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Bullying Taiwan

In China's quest to dominate Taiwan, no arena is off-limits and no insult is too petty.

12:00 AM, Sep 22, 2004 • By TIM LEHMANN
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IT HAS BECOME de rigueur for China to oppose Taiwan's status as a self-governing nation at every possible turn. As two events last week demonstrate, Beijing's determination to squeeze Taiwan continues unabated, with scant opposition.

Taiwanese President Chen Shui-bian appealed on Wednesday for the 12th time in as many years for Taiwan's membership in the United Nations. In his address Chen championed Taiwan's economic performance, citing the fact that Taiwan ranks as the 25th largest trading nation in terms of two-way trade. He also highlighted its political relations with other U.N. nations, 25 of which maintain formal diplomatic ties with Taiwan.

Once again the bid failed, as China mobilized 93 countries to speak against Taiwan's proposal. Yet China was not fully content with its diplomatic victory. It then requested that Chen's subsequent address to journalists via video-link from Taipei take place not inside the U.N. building (where it was originally scheduled), but at a hotel across the street. The Chinese request was made to U.N. Secretary-General Kofi Annan, without the consent of the head of the U.N. Correspondents Association (UNCA), Tony Jenkins. Jenkins later criticized Annan's decision to bar Chen from speaking at the UNCA, equating it with censorship.

It was curious that Chen should be singled out in not being allowed to speak at the UNCA. After all, the UNCA has traditionally been a "free speech zone," Jenkins pointed out to Annan, noting that the UNCA has in the past permitted a wide range of individuals and groups to speak on its premises, including a number of groups of dubious repute, such as the IRA, the Taliban, and the Iranian People's Mujahadeen.

CHINA'S EFFORTS to thwart Taiwan aren't limited to high politics, either. Elsewhere, in Greece, China couldn't resist the opportunity to interfere with Taiwan's participation in the world of international sport. Taiwan's first lady, Wu Shu-jen, arrived in Athens a week ago Sunday with the intention of leading Taiwan's delegation at the opening ceremonies of the 2004 Paralympic Games, a parallel event to the Olympics dedicated to athletes with disabilities. Wu, the emeritus president of the Chinese Taipei Paralympic Committee (CPTC), has been paralyzed from the waist down since 1985.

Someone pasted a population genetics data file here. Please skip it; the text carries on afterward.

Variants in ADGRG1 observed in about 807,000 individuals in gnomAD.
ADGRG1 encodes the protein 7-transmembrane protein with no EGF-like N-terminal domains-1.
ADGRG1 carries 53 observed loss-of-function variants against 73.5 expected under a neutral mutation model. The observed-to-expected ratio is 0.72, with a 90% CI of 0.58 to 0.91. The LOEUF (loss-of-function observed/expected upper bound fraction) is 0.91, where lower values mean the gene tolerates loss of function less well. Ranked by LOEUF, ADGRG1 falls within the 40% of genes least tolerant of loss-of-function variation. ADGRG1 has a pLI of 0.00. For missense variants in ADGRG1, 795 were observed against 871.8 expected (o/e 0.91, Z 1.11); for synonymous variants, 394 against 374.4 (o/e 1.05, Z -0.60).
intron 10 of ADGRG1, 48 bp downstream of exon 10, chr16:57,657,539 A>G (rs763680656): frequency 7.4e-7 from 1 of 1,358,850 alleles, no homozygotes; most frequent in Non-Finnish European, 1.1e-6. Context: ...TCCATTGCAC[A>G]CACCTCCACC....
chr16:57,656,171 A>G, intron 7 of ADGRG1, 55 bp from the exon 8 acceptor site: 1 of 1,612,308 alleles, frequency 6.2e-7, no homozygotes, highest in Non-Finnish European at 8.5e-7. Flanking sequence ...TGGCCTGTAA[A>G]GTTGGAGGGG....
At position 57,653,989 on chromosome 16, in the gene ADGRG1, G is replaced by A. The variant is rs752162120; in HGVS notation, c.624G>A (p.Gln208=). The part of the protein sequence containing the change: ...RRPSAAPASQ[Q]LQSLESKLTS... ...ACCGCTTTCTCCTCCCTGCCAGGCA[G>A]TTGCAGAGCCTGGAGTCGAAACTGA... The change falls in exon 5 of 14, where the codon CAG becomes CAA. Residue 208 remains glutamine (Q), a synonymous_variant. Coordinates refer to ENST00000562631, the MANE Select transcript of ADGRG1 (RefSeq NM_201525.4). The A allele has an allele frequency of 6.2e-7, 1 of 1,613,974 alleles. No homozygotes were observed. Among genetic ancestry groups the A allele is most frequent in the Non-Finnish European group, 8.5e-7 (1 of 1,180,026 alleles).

Once it became clear that Wu would lead Taiwan's athletes, China attempted to strong-arm the International Paralympic Committee (IPC) into revoking Wu's status as head of the "Chinese Taipei" (Taiwan's name at international events) team. China, which claims sovereignty over self-governing Taiwan, had averred that Wu's presence at the Paralympics would politicize the games.

Early in the week, the IPC bent to China's will and disqualified Wu from leading the team, stripping her of her National Paralympic Card on the ostensible grounds that she was not the official head of the CPTC. This decision, too, was taken at China's insistence, even though the IPC knew her status in August when it issued her the card. In response, Taiwan submitted an official protest to the IPC, pointing out that many of the other delegations to the games--including Australia, New Zealand, the United States, Japan, and Korea--were not headed by the presidents of their national paralympic committees.

After a series of negotiations, the IPC split the difference. They allowed Wu to retain her credentials as the head of the CPTC, but barred her from participating in the games' opening parade.

Tim Lehmann is assistant director of the Project for the New American Century.